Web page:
#35. The FDA can order product recalls for devices found to pose a health risk. During FY 2016, the agency issued this order for almost 2,900 products. About 4% of these orders involved a serious risk to patients. (FDA)

#36. Total healthcare spending in the United States totals more than $3 trillion per year. That means the average expenditure on needs in this area is over $9,400 per person annually. (Emergo)

#37. Only 52% of the spending that occurs in the American healthcare market comes from private payments. The remainder comes from government resources. (Emergo)

#38. The United States has one of the lowest rates of hospital beds per capita in the world today. Americans have only 2.9 beds per 1,000 people, whereas Japan has 13.7 per 1,000 people. Even China, where the average spending on healthcare expenditures is only $420 per person, has a higher rate at 3.8 beds per 1,000 people. (Emergo)

#39. Despite the high rate of growth found in the medical device industry, 12 of the 20 largest companies in this space experienced negative growth at least one year in the past five. (Evaluate)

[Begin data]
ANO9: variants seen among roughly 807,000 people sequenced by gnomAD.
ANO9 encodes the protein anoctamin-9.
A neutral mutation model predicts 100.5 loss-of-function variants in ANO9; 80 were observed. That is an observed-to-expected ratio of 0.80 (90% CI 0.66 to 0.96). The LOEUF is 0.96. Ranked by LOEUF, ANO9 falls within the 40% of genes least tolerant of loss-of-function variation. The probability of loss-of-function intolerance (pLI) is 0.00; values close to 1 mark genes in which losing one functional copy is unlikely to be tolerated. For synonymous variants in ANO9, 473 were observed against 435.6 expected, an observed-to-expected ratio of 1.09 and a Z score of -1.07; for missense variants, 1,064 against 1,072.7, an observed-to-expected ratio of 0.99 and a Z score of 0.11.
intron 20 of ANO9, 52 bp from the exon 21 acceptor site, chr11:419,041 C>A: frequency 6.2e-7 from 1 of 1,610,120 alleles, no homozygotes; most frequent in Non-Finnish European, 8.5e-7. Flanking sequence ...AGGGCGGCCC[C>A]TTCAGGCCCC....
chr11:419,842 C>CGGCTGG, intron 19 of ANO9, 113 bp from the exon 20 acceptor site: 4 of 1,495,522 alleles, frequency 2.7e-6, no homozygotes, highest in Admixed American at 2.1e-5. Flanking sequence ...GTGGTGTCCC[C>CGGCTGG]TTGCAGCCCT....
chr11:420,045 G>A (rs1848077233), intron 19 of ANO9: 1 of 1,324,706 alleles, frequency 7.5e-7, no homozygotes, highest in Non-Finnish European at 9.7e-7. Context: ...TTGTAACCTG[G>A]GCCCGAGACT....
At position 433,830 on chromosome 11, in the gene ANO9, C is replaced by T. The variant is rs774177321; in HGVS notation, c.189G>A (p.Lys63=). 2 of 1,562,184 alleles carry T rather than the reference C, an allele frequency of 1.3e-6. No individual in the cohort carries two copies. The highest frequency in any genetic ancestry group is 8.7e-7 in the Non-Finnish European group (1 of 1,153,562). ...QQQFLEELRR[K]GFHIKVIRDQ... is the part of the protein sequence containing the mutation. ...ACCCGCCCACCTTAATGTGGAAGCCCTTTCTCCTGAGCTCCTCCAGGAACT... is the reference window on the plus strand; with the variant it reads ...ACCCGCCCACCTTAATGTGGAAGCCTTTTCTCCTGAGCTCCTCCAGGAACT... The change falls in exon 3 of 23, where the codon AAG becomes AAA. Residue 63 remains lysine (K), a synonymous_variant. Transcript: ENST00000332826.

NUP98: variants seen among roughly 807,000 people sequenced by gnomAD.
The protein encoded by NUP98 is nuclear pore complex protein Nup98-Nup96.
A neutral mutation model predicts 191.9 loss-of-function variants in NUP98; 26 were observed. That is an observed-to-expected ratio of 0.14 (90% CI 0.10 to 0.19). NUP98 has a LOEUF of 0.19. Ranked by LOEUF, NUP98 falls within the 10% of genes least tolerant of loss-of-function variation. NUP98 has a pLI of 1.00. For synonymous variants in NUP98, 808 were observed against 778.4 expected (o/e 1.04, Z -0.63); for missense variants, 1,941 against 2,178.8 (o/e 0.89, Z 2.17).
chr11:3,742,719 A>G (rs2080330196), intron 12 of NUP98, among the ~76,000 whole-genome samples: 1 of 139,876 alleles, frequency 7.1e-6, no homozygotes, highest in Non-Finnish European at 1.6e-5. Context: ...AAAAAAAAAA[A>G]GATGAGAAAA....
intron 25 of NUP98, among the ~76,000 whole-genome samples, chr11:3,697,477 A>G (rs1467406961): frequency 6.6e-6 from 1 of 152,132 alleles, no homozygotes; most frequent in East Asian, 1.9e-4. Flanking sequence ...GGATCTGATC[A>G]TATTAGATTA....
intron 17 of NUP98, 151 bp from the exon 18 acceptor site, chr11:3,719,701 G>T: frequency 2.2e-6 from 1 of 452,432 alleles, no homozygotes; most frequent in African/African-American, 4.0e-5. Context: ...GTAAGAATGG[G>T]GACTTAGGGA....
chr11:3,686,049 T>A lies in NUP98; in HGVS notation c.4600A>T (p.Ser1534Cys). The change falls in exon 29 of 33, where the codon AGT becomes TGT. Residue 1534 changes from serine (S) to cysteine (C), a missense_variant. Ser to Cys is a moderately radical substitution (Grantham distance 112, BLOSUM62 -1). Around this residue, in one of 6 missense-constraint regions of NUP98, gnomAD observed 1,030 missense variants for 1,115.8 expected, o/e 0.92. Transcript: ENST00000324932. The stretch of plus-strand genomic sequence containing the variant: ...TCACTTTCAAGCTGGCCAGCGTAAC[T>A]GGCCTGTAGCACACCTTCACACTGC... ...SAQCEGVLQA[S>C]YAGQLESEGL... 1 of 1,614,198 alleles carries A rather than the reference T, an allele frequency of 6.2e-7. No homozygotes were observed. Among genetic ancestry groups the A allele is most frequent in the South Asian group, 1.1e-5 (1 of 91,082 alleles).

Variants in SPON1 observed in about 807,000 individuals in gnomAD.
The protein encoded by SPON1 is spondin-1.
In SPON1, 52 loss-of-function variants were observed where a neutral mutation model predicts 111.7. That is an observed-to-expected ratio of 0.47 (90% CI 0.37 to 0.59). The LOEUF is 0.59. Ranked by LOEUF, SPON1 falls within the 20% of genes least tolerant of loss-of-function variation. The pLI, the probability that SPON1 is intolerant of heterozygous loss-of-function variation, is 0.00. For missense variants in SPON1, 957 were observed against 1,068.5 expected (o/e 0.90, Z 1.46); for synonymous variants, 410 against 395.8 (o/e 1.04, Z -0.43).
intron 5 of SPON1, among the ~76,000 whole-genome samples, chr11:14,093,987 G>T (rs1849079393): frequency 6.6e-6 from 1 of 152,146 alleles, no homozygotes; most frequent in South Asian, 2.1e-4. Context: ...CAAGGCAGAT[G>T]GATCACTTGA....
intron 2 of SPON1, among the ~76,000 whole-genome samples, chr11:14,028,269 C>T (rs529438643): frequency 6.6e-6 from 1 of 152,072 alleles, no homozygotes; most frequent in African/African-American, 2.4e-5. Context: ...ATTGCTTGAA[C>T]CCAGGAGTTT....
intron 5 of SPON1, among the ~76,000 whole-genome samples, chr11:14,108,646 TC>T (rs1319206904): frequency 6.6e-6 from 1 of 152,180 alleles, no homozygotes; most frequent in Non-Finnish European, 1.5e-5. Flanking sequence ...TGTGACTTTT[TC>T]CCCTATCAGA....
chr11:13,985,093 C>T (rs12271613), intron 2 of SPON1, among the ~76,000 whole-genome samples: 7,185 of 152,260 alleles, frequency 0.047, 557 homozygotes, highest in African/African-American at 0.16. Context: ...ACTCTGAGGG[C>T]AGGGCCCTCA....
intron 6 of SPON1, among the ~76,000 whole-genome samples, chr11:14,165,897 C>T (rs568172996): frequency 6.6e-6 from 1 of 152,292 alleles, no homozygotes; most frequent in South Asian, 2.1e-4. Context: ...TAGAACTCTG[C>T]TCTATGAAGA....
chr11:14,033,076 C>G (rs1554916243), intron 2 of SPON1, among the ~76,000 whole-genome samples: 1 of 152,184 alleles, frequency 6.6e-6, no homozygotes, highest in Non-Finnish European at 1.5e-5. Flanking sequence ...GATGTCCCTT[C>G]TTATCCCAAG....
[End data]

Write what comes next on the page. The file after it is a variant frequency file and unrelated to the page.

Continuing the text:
#40. Electro-medical equipment represents 17% of the industry, accounting for a variety of powered devices like MRI machines, ultrasonic scanning devices, and pacemakers. (International Trade Administration)

#41. 29% of the Medtech market involves surgical and medical instruments, including optical diagnostics, blood transfusion devices, and hypodermic needles. (International Trade Administration)

#42. Irradiation apparatus items that include X-ray devices and CT equipment represent about 8% of the medical device industry sales each year. (International Trade Administration)

#43. The average job in the American medical device industry manufacturing sector pays about 15% more than the median found in other sectors. The average wage in 2012 was over $60,000 per year. (International Trade Administration)